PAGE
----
Little Ray & Shark Patch Things Up
April 2017 by V. R. Duin


Right-side up, then upside down,
Little Ray loved to act the clown.
The young stingray showed off for friends,
Who cheered his leaps and flips and bends.
(“Little Ray & Shark Patch Things Up”)

Natural versus unnatural ocean sounds and the noise pollution threat for marine life.

Rolling tides and gentle waves are not the only ocean sounds heard in the sea. It is full of the naturally occurring sounds of fish barks, bubbles, groans, grunts, hoots, moans, thumps and some splashing noises. Sounds made by several sea mammals are familiar to humans; seals, sea lions, walruses, dolphins and whales. Many people have heard dolphins and whales chirp, squeak, click and make whistling sounds through their blow holes. Because they are different, but related mammals, some dolphin sounds may not be possible for porpoises to make. Unlike dolphin and whale sounds, humans cannot hear porpoise sounds.

Most fish can hear or sense all of the naturally occurring sounds of marine life and of the water in which they reside. Dolphins, porpoises and whales depend upon these ocean sounds to navigate, find food and communicate in a wavy and unsettled environment where sight and smell are not always useful, and touch may be dangerous. Unnatural sound presents a noise pollution threat, because they interfere with the useful sounds needed for the survival of many marine animals.

Natural ocean sounds may cause some fish to flee and may draw aggressive species in for an attack. Stingrays will flee sound vibrations, such as those made by shuffling feet in the sand. Sharks are known to attack flapping sounds, as these may be indicative of weak prey. When whales slap their tales, fish may herd together for safety. This brings together many watchful eyes for the school. It also provides a confusing mass from which some predators cannot distinguish individual prey. With a whale, however, the whole school may get eaten as a group. Natural sounds are compatible with the natural life cycle of the sea.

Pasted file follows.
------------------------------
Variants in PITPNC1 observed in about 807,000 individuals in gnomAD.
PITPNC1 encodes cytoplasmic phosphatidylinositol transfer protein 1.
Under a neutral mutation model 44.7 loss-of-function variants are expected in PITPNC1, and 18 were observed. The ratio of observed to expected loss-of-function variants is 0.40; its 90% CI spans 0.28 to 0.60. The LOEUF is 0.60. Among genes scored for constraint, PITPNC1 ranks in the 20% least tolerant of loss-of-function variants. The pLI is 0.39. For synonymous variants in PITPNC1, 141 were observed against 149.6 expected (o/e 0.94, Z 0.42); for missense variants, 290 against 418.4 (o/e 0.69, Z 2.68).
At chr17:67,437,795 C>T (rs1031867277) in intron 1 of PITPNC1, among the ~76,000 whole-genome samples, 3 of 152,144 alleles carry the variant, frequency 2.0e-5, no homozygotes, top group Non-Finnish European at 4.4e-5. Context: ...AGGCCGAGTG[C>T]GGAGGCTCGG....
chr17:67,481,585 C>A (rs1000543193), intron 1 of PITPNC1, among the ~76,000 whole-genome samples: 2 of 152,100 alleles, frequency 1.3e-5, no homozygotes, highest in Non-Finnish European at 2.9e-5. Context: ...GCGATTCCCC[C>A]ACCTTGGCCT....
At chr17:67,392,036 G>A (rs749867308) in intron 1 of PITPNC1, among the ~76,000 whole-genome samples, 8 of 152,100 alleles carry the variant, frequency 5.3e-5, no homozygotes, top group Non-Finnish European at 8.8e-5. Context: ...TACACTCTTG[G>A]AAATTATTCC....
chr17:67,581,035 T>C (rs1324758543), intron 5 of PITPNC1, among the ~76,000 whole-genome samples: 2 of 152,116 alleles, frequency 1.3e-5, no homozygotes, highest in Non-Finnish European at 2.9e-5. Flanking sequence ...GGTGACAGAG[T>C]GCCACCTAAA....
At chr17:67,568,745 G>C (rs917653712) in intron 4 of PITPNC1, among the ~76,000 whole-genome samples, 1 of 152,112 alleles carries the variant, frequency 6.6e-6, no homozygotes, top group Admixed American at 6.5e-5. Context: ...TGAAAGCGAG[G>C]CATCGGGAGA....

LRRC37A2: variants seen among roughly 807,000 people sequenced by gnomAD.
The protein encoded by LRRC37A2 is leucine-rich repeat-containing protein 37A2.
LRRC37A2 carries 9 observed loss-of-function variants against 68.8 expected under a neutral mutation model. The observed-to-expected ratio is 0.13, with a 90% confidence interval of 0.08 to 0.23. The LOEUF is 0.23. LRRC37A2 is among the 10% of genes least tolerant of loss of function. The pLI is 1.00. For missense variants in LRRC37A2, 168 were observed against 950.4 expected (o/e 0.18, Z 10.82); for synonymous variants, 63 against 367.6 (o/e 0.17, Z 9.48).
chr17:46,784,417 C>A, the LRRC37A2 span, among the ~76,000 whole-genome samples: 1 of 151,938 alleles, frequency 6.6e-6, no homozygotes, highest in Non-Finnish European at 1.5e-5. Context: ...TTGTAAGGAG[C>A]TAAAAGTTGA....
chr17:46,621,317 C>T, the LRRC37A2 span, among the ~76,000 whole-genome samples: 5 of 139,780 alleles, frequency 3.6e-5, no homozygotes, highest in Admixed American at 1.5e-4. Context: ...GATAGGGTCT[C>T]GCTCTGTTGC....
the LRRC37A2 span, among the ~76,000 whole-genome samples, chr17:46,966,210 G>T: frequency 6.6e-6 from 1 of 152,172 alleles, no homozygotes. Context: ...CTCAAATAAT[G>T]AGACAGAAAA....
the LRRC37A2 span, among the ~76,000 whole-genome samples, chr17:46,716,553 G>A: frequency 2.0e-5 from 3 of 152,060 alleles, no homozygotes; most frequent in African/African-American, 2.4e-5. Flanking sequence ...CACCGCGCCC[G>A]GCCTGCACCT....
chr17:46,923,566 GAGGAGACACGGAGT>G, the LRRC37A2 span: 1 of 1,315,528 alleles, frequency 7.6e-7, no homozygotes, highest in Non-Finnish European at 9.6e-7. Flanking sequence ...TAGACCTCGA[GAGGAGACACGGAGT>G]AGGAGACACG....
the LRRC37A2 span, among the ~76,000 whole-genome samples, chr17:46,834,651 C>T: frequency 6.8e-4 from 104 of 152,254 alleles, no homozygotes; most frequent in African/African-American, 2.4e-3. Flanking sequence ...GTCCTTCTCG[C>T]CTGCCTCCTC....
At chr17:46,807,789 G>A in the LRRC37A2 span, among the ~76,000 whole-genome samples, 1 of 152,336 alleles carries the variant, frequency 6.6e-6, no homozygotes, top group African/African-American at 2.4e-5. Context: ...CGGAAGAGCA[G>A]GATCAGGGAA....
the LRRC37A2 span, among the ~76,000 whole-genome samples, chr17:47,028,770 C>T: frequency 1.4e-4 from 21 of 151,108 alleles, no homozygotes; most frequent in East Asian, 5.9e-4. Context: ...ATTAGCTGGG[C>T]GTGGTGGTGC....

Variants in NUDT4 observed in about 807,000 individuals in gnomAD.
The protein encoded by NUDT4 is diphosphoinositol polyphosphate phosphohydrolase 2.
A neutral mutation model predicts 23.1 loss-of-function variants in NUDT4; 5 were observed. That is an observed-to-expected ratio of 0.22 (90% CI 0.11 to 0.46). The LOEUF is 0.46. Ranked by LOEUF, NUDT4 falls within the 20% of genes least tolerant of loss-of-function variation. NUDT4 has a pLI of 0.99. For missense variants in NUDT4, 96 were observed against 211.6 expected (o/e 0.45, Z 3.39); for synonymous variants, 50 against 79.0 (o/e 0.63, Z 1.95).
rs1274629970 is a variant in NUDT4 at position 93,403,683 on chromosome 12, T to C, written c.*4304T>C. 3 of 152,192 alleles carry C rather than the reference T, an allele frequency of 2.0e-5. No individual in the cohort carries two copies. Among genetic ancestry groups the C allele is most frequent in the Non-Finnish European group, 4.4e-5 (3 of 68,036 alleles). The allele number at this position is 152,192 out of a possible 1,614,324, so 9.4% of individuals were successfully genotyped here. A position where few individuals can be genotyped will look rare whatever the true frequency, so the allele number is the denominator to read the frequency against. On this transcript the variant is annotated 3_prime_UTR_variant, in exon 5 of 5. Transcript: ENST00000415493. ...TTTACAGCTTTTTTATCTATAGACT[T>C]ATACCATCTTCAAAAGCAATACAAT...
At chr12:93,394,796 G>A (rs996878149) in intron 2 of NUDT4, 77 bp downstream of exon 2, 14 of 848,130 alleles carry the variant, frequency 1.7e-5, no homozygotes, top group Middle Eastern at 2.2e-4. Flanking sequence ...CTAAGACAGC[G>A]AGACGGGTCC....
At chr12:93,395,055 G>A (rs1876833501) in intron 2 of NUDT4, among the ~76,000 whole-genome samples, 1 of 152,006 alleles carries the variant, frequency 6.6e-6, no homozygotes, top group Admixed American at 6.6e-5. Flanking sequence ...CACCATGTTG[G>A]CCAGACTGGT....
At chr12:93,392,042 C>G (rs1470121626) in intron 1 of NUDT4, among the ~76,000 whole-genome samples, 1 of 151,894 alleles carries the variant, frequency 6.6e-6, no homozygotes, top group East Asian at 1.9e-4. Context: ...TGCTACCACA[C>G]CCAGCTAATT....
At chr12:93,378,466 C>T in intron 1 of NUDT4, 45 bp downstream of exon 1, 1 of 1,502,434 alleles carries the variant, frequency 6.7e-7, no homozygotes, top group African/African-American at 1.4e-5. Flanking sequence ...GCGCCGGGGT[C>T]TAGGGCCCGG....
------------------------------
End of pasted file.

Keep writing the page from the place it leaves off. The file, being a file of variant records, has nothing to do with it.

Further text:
It is the loud, unnatural ocean sounds that are stressful for marine life. These noise pollution threats include the recreational sounds of loud music, boat engines and depth sounding devices. The increasingly severe, increasingly common, extremely loud and totally unnatural sounds of military sonar blasts, oil drilling booms, ship engines and undersea construction present severe noise pollution threats. These noises can affect the physiology and behavior of marine life. Some noises can seriously injure or kill marine life. To combat this problem, NOAA is mapping a strategy for the reduction of these oceanic noise pollution threats to marine life. The NOAA Ocean Noise Strategy Road Map is an ongoing collaborative effort. It was launched with public comment and feedback.


  • marine life admin says:

    Julia Purser, UK biologist, has authored or co-authored articles about injury, death and other effects of noise on marine life.

  • ocean sounds admin says:

    Governments are drafting regulations to reduce harmful ocean sounds.

    • noise pollution threatadmin says:

      Offshore construction, with driving piles and explosives, worsens the noise pollution threat.